Today, we live in a state of constant flux, and leaders must act quickly to resolve problems or risk becoming a relic.
Within five months of taking office, Roosevelt took on the giant corporations and the industrialists that he believed held too much power, starting with the corporate baron, J.P. Morgan. His reputation as a “trust buster,” canal builder, and conservationist came, in part, because he refused to stand by and wait for others to take action.
2. CONTROL YOUR BODY AND MIND
Roosevelt was a weak and fragile child.
Instead of accepting his fate, his father pushed him to live the strenuous life. He built his body as well as his mind through sports, voracious reading, and constant activity.
He once told his doctor who encouraged him to be sedentary because of his weak heart, “Doctor, I’m going to do all the things you tell me not to do … If I’ve got to live the sort of life you have described, I don’t care how short it is.”
3. TRADE HEARTACHE FOR ACTION
Roosevelt could have given into grief. His wife and mother died on the same day—Valentine’s Day, February 14, 1884—in the same house. A black “X” followed by one sentence was written into his diary that evening: “the light has gone out of my life.
Instead of succumbing to grief, he headed West, for the Dakota Territory, purchasing a ranch near Medora and working as a full-fledged cowboy. Roosevelt learned that his grief could not stop him if he traded heartache for action.
As he stated, “Black care rarely sits behind a rider whose pace is fast enough.”
4. INSTILL CHARACTER
My favorite character trait of Roosevelt was his unwavering ethical fortitude.
Throughout his career, Roosevelt could have been a company man, especially when he returned to politics after heading West.
He could have bent to the pressure and influence of corrupt men.
Instead, he remained resolute, ethical.
His commitment to character impacted those around him and firmly established his reputation as a politician who was not for sale.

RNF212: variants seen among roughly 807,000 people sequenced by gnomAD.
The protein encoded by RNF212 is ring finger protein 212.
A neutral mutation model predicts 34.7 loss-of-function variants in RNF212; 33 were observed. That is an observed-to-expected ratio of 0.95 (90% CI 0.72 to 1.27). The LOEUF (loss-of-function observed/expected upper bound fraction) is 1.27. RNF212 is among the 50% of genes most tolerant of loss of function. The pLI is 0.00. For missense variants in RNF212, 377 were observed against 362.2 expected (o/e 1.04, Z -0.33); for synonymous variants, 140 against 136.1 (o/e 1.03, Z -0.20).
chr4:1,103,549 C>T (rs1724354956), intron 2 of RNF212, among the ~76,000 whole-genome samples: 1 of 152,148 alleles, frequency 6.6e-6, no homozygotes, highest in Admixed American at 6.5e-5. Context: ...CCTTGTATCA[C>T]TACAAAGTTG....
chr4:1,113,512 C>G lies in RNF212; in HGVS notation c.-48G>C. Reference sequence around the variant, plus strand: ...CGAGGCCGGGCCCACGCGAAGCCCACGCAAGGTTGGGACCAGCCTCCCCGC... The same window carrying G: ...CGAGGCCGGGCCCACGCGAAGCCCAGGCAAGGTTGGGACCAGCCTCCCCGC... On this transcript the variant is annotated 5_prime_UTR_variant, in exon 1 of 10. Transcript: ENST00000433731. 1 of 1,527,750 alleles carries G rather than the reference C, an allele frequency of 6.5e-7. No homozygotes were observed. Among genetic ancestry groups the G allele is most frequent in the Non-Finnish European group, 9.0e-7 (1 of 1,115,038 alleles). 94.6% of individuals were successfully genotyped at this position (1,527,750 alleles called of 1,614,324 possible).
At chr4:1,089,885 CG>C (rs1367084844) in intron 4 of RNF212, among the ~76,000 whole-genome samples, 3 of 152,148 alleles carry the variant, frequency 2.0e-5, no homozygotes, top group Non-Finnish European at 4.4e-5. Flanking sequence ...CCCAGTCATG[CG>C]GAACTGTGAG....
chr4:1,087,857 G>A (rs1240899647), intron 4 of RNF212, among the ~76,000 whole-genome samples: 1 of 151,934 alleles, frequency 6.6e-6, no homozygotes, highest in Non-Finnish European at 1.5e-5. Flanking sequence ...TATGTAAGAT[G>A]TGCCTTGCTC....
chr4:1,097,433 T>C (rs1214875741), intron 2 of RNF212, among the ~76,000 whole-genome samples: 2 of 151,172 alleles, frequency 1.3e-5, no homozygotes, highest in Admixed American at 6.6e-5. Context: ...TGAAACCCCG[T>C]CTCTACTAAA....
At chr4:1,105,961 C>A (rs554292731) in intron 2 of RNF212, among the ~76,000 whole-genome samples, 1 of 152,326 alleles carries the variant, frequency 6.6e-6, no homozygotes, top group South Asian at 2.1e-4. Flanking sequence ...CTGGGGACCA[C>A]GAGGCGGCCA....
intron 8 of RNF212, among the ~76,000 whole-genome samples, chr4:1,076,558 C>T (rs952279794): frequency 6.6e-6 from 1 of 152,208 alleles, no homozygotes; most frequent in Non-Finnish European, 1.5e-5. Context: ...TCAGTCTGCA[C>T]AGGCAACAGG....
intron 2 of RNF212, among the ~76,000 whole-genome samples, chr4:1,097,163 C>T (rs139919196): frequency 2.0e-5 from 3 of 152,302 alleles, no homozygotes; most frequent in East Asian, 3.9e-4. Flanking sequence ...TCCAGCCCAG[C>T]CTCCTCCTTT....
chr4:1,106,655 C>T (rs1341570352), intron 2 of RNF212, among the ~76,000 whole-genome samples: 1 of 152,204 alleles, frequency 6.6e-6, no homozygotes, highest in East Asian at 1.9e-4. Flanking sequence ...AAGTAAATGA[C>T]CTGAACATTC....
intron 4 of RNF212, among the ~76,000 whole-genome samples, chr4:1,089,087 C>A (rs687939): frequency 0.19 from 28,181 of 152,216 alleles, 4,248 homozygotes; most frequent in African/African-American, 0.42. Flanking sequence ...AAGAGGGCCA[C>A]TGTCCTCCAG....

5. OBSERVE ACTION, NOT AGE
The Spanish filmmaker Luis Buñuel is attributed with saying, “Age is something that doesn’t matter unless you’re a cheese.” Roosevelt would have agreed.
Whether you are 8 or 80—get action! There is no standard prerequisite age for leadership. You can lead anytime, anywhere, at any age.
6. NULLIFY NEGATIVITY
Grit, Angela Duckworth has observed, is the key to success in work and in life.
It takes grit to nullify a negative mindset, the opinions of negative people, and negative situations—but this is paramount to achieving success.
On October 14, 1912, Roosevelt was shot in the chest outside a Milwaukee hotel by a would-be assassin. Instead of heading to the hospital, he walked to the auditorium and delivered an inspirational 90-minute speech … with a bullet lodged in his ribcage.
Apparently, Roosevelt didn’t believe in sick days.
Good lessons from president Theodore Roosevelt’s life.
When my wife died I too kept busy with interfaith organizations, opportunities that came along, such as, accepting position of co-chair of Interfaith Activities committee of the Federation of Zoroastrian Associations of North America (FEZANA), getting elected to the board of North American Interfaith Network (NAIN), attending NAIN’s conference in Detroit, and enrolling in the Interfaith Action Master’s program at CLU.
The Capstone project at CLU pushed me to take action to bring change to a program of one interfaith council with collaboration, dialog, and persistently bringing up the subject at council meetings until I achieved agreement to make the change, and continued followup to ensure implementation.
In my late 70s I have not let myself rust my mind in a sedentary lifestyle, but after finishing my course work in December 2015, I continue to keep busy attending free lectures on ancient Persia (Iran) at U.C.Irvine, interfaith meetings, CLU Gatherings, serving my Zoroastrian community as an on-call priest, daily walks to the beach, and some socializing.